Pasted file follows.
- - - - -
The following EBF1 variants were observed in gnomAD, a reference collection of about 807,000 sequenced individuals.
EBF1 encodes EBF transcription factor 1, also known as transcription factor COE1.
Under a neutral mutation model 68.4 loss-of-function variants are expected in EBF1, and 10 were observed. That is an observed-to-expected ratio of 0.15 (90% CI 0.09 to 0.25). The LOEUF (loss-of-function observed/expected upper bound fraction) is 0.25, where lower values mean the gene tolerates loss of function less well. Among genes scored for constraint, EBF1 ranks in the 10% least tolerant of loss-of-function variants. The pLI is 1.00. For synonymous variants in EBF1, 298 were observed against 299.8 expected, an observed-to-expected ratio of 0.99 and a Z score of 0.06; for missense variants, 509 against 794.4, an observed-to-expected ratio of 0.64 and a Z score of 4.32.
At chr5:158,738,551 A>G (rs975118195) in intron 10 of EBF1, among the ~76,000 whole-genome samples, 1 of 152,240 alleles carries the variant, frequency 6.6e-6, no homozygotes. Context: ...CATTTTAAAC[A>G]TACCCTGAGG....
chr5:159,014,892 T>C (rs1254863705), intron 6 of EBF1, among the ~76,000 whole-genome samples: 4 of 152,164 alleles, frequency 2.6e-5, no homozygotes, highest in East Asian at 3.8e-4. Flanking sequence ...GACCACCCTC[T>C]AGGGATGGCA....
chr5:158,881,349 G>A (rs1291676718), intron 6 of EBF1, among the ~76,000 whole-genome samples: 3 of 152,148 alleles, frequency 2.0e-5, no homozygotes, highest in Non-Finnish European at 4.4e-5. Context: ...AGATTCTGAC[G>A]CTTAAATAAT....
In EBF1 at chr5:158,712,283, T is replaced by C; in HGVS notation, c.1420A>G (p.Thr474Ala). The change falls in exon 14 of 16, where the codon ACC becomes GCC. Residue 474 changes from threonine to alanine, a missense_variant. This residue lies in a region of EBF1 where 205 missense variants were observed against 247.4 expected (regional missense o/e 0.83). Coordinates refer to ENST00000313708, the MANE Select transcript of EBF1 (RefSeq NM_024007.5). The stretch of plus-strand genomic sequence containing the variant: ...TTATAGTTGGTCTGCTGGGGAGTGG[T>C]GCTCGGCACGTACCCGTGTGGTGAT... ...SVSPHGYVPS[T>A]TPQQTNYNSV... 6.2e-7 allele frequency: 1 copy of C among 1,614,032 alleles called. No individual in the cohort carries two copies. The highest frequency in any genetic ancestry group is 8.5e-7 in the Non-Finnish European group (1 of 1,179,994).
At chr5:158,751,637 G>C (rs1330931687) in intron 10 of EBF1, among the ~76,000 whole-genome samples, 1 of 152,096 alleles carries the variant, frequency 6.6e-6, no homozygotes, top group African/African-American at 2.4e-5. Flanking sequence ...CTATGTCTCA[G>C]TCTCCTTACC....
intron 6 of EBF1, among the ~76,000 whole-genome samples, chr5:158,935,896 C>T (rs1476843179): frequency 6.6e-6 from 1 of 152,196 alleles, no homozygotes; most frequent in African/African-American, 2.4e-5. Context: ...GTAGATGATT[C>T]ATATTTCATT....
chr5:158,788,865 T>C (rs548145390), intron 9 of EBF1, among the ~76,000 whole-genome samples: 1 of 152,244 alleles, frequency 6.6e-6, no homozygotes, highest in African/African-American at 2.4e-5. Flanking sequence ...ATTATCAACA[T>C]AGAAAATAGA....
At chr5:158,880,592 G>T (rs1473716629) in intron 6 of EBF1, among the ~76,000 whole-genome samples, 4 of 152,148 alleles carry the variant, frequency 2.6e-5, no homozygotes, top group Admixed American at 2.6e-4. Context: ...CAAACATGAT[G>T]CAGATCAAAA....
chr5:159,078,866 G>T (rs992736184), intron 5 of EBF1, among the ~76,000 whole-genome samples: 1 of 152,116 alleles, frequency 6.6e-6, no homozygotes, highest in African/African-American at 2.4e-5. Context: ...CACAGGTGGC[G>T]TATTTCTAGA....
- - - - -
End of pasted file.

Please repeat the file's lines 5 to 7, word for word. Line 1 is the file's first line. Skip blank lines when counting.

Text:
chr5:159,014,892 T>C (rs1254863705), intron 6 of EBF1, among the ~76,000 whole-genome samples: 4 of 152,164 alleles, frequency 2.6e-5, no homozygotes, highest in East Asian at 3.8e-4. Flanking sequence ...GACCACCCTC[T>C]AGGGATGGCA....
chr5:158,881,349 G>A (rs1291676718), intron 6 of EBF1, among the ~76,000 whole-genome samples: 3 of 152,148 alleles, frequency 2.0e-5, no homozygotes, highest in Non-Finnish European at 4.4e-5. Context: ...AGATTCTGAC[G>A]CTTAAATAAT....
In EBF1 at chr5:158,712,283, T is replaced by C; in HGVS notation, c.1420A>G (p.Thr474Ala). The change falls in exon 14 of 16, where the codon ACC becomes GCC. Residue 474 changes from threonine to alanine, a missense_variant. This residue lies in a region of EBF1 where 205 missense variants were observed against 247.4 expected (regional missense o/e 0.83). Coordinates refer to ENST00000313708, the MANE Select transcript of EBF1 (RefSeq NM_024007.5). The stretch of plus-strand genomic sequence containing the variant: ...TTATAGTTGGTCTGCTGGGGAGTGG[T>C]GCTCGGCACGTACCCGTGTGGTGAT... ...SVSPHGYVPS[T>A]TPQQTNYNSV... 6.2e-7 allele frequency: 1 copy of C among 1,614,032 alleles called. No individual in the cohort carries two copies. The highest frequency in any genetic ancestry group is 8.5e-7 in the Non-Finnish European group (1 of 1,179,994).